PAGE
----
Regardless of your age, there is nothing like going outside, getting your hands dirty, and tending to the garden.
Not only is gardening a great physical activity that gets you moving, but it can also provide a number of health benefits that improve your overall quality of life. If you’re a senior looking for a retirement hobby or seeking a community of like-minded gardening folks, this guide is for you.
We’ve compiled a list of some important gardening resources for seniors that can be applied whether you’re brand new to gardening or have had an established garden for years. This guide will cover four important elements of senior gardening after retirement.
- How to Create an Accessible Garden
- Gardening Safety Tips for Seniors
- Benefits of Gardening
- Gardening Tools
How to Create an Accessible Garden
The best thing about gardening is it’s both a mentally and physically engaging activity that can be adapted for everyone to enjoy. Whether you have muscle or joint issues or utilize a wheelchair for mobility, there are a number of different ways a garden can be designed to fit your accessibility needs.
Use Raised Garden Beds
While many gardens are grown at ground level, raised beds allow gardeners to access their plots without having to bend or kneel to tend to their beds. Raised beds also allow you to more easily control the soil quality and temperature of your garden — offering gardeners a higher quality crop and yield than traditional beds.
When it comes to harvesting your crops, having your plants at an easy-to-access level makes the potentially back-breaking process safer and easier.
How to Pick the Right Raised Garden Bed for Your Needs
- Consider going with a raised garden bed plan that is elevated on sturdy legs rather than one that sits directly on the ground.
- Think about the height at which you’ll be gardening.
- If you use a wheelchair for mobility, choose a raised garden bed that is high enough that you can access your beds while seated.
- If you aren’t in a wheelchair, go with a raised bed that is a bit higher. You can tend to your garden without having to lean over.
- Consider how much space you need in your garden based on the seeds you intend to plant. Herbs and flowers, for instance, don’t need as much space as larger plants like rhubarb or squash.
Alternative options to raised garden beds are containers and hanging baskets. They still allow for the accessibility benefits of raised beds, but create a much smaller footprint and are a good choice if you don’t intend to grow large plants that require a lot of space.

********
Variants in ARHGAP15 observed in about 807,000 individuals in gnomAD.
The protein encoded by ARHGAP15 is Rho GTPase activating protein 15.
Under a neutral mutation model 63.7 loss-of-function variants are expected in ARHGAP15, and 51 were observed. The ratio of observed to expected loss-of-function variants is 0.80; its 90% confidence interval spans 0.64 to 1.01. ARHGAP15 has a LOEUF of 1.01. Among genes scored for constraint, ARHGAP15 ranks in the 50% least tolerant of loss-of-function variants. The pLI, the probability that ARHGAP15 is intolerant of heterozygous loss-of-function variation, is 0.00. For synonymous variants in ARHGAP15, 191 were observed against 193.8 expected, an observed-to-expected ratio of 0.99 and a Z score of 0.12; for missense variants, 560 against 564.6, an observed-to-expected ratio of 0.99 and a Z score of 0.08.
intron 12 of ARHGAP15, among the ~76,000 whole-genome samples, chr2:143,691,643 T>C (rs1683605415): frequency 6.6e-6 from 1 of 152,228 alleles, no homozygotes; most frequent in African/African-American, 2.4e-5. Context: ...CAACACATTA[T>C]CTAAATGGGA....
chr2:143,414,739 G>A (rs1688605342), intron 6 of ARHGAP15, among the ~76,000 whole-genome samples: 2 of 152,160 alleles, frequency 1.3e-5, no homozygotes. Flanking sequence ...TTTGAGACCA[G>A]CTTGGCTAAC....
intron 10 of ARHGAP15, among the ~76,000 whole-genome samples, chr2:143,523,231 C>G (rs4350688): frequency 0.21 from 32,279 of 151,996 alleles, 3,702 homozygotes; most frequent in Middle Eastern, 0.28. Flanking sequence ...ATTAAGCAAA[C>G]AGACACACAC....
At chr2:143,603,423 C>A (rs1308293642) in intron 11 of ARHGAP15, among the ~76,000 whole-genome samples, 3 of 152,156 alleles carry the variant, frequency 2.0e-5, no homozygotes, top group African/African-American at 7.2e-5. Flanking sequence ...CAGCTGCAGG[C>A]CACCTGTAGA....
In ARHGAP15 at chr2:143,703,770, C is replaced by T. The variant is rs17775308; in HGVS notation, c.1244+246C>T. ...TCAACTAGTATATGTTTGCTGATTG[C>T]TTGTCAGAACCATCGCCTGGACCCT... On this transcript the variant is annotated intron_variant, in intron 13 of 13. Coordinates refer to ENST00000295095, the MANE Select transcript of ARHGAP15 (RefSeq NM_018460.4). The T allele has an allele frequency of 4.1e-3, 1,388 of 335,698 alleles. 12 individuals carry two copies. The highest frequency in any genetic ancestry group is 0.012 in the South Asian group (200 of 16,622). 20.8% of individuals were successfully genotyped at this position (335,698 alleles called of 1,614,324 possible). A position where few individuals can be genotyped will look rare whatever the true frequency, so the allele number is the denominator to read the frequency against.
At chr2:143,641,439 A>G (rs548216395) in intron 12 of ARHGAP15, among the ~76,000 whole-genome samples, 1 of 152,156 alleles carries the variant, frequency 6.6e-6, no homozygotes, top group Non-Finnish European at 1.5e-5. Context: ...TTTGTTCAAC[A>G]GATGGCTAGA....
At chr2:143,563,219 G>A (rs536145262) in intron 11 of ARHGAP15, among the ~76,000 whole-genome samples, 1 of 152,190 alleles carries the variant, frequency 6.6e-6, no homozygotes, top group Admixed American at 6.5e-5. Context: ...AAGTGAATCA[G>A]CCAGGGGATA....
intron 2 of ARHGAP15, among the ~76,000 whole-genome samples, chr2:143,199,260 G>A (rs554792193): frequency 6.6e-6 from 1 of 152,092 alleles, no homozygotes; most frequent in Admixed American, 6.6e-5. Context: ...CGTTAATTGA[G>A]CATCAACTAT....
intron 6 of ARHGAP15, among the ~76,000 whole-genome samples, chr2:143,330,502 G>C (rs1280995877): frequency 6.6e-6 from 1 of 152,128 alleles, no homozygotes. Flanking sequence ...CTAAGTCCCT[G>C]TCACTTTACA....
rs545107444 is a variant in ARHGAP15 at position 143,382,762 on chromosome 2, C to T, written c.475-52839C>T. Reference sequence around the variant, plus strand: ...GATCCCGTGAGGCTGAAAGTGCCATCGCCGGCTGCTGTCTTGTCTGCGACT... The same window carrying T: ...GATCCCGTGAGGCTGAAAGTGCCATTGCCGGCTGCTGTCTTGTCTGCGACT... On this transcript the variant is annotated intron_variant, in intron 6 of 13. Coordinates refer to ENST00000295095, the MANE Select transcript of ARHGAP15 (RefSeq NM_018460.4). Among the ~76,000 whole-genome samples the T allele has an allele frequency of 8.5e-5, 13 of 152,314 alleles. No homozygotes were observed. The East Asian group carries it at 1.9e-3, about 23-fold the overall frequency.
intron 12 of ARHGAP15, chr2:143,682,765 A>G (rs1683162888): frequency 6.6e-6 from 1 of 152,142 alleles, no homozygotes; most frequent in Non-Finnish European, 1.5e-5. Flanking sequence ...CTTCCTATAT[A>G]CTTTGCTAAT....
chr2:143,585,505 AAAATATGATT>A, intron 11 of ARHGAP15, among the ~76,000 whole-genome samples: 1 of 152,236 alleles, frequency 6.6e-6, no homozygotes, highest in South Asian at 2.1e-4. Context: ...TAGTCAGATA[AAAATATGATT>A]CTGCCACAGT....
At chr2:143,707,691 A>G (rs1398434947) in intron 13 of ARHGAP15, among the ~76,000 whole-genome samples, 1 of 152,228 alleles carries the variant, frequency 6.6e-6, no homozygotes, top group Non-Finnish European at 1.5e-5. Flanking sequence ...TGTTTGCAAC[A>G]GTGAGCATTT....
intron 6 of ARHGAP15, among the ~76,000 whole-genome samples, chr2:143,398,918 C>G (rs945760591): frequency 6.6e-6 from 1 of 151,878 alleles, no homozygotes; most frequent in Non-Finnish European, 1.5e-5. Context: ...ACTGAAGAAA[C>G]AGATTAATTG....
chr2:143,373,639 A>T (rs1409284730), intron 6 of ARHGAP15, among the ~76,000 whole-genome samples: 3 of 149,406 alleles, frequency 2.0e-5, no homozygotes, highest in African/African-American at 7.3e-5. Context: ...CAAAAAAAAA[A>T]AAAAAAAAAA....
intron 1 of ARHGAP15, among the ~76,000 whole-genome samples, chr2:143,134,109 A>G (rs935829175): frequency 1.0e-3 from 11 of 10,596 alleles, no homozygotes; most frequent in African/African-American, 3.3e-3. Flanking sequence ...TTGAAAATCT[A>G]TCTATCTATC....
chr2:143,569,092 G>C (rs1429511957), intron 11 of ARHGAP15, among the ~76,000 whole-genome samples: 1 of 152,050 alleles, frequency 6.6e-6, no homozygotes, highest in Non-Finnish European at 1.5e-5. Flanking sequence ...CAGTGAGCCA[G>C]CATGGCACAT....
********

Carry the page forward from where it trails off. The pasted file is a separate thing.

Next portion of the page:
Containers and hanging baskets can be particularly useful if you live in a condo or have limited yard space but still want to exercise that green thumb.
Establish Wide Pathways
Whether or not you utilize a wheelchair, establishing wide pathways allows you to easily access a garden bed without having to worry about tripping or getting caught up on vining plants or the garden hose. As a rule of thumb, 4 feet is a good width to allow for wheelchair and walker access. That said, the wider the better so the wheelchair can be easily maneuvered.
Install a Drip Irrigation System
Even when you have raised garden beds and wide pathways, moving the garden hose from one area to another can be a total pain and inconvenience. Consider installing a drip irrigation system to eliminate the problem of dragging your hose from one end of the garden to the other.
In addition to making the chore of watering your plants a breeze, drip irrigation can provide your garden with a number of benefits. Drip irrigation systems save water, prevent weeds, help control fungal diseases, and are adaptable to a variety of garden layouts and systems.
Gardening Safety Tips For Seniors
In addition to establishing an accessible garden, there are some safety tips you’ll want to keep in mind as you’re gardening and tending to your raised beds. In the middle of gardening season, the temperatures rise and the sun can feel especially scorching. In the midst of all the gardening tasks, it can be easy to forget to take precautions when it comes to protecting your skin and overall health.
When you’re out in the garden during the spring and summer, it’s crucial that you protect your skin from the sun. Always wear sunscreen and make sure to invest in a thick, wide-brim hat that will add an extra layer of protection for your face and eyes.
Consider purchasing or thrifting some UV-resistant clothing to protect your skin from the sun. Both Columbia and Patagonia offer a line of UV-resistant activewear that’s great not only for gardening but hiking and sightseeing, as well.
Beyond protecting your skin from the sun, make sure to invest in some high-quality gardening gloves to prevent blisters and sores. The last thing you want is to put your gardening on hold when you’re in the midst of good weather with a list of chores!
Joint and Muscle Protection
Along with protecting your skin from the elements, protecting your joints and muscles is extremely important to ensure you can continue to garden for years to come. If you aren’t utilizing raised beds, make sure to have a kneeling pad on hand to keep your knee joints safe and protected. For more tips for protecting your joints, check out this resource from the Arthritis Foundation.